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Sue's Views -- 'Shop Local' is worthy ideal but it takes cooperation to succeed

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Members of the Chamber's Retail Trade committee were having a conversation last week about the importance of shopping locally. Highlights of the discussion were the fact that local businesses give back to the community through employee wages, property taxes and donations to local organizations; high gas prices have increased the cost of driving out of town and cuts into whatever small savings you might think you're gaining; and dollars spent locally turnover in the community many times.

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I didn't say much during the meeting, but I have been thinking about the "Shop Local" campaign since then.

I wholeheartedly agree with the idea of shopping local. Your first stop should be in your town. Even if the item you are looking for was in an ad for one of those big box retailers in another town. When my son was two, I wanted to get him a child-sized table and chairs that I saw in a Target flier. But, because my husband and I were working split shifts and didn't have time or energy to travel out of town, we took the ad to one of our hometown stores. No, they didn't have the exact same item as in the ad, they had something better for the exact same price. Since then, I always look in Morris first.

Yet, shopping local is a bit more complicated that its simple mantra implies because it's not always just about the shoppers.

A couple years after my happy shop at home experience, my husband and I hit a bump in the road of life and were struggling financially. We had two children and were working part-time jobs with no benefits, so we were on the state-subsidized insurance plan and used food stamps. Shopping locally was an entirely different kind of experience for me then. I felt anything but welcome in a couple places and at least one employee let me know that she didn't appreciate that taxpayers were supporting, what she called, my lazy habits. I can't imagine what she thought was happening in my life, but I certainly wasn't very proud or happy to be handing her my Minnesota Care card. Trust me, I wasn't milking any system. In fact, I was working harder then than I have before or since. Honestly, it was just so much easier to shop in another community during that time in my life. No one knew me and more importantly, no one cared how I paid since a purchase using my state debit card was no different than one made with a Visa card.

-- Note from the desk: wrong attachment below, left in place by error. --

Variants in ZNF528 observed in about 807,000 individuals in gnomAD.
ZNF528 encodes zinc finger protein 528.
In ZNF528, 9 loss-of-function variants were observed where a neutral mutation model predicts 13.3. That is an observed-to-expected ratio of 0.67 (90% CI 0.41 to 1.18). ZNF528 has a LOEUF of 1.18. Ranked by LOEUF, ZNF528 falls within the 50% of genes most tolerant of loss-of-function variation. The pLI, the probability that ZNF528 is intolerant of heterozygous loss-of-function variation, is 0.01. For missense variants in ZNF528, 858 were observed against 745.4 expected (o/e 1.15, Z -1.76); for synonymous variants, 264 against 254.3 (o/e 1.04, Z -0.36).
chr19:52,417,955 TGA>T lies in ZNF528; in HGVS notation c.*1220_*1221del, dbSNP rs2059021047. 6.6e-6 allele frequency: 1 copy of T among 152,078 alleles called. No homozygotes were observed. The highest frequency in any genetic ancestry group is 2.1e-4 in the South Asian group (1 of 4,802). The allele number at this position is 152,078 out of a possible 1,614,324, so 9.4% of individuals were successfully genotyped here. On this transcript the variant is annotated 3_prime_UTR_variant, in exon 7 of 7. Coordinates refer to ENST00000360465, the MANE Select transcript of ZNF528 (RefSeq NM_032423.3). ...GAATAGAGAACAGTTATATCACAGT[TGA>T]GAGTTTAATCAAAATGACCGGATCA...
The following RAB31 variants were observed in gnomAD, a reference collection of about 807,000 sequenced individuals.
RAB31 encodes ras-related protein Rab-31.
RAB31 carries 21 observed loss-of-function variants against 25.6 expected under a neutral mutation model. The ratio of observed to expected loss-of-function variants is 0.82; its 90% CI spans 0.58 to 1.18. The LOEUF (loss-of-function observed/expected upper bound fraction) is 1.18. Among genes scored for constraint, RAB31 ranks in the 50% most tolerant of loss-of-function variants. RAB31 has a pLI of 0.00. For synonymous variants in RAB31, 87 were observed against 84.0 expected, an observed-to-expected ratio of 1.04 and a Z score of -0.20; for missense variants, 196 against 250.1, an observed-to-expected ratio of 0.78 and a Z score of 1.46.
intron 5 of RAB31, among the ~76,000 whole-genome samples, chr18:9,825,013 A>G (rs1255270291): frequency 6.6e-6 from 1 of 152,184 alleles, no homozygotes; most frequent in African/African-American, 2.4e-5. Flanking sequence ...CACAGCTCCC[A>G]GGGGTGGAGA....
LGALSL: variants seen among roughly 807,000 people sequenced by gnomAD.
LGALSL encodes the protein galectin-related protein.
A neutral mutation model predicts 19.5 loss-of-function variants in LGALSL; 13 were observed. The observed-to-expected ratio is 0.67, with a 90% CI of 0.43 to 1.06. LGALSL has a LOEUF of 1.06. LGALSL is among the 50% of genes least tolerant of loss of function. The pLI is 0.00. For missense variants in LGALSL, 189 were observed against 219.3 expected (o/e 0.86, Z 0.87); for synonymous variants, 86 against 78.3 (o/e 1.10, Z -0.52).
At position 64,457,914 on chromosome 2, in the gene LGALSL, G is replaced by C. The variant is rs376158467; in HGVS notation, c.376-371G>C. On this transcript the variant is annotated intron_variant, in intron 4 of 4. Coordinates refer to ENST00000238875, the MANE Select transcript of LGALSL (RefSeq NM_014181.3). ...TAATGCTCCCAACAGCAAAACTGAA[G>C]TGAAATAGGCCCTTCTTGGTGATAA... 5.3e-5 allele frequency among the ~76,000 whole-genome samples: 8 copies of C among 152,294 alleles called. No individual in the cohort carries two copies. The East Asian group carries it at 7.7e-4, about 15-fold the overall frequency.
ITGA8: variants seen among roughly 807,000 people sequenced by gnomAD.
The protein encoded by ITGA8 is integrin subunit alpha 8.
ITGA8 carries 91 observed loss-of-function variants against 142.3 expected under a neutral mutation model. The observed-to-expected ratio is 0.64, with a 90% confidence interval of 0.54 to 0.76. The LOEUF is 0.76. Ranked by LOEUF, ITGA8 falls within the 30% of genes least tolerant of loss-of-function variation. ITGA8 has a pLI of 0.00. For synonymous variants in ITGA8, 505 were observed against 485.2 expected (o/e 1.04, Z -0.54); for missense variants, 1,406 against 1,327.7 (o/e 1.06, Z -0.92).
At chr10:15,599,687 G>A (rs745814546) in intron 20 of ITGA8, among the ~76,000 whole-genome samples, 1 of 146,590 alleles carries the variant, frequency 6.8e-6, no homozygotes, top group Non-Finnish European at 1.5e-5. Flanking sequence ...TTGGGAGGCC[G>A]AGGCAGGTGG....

Oh, yes, I understand that it is impossible to make everyone happy, and as a business owner you can go broke trying. But in the end, shopping locally is an opportunity for both buyer and seller to show their concern and interest in each other as well as just making money.

Now that I have a fulltime job that provides me with not only a good salary but top-notch benefits, I've had to force myself to go back into those places and face those who judged me. But I will always carry the memory of knowing that only hard-earned cash is welcome in some places. However, I try to use the experience as a reminder to appreciate everything I have, including the privilege of paying cash, more than an excuse not to support my business colleagues.

Of course, there will always be something you can't find locally, and the next big town is just 45 minutes away and the Internet is open 24 hours a day. But I wonder how many folks really actively shop locally. Have you visited every store in town in the past year? Or ever? You might be surprised what you find right here in the old hometown. This goes for all the businesses in town, including hair salons, restaurants and bars. With a little imagination, shopping locally could be less of an obligation and more of an adventure. And friendly clerks who know me and my interests only enhance the adventure by helping me find new things and, occasionally, shift my opinion on what I need.

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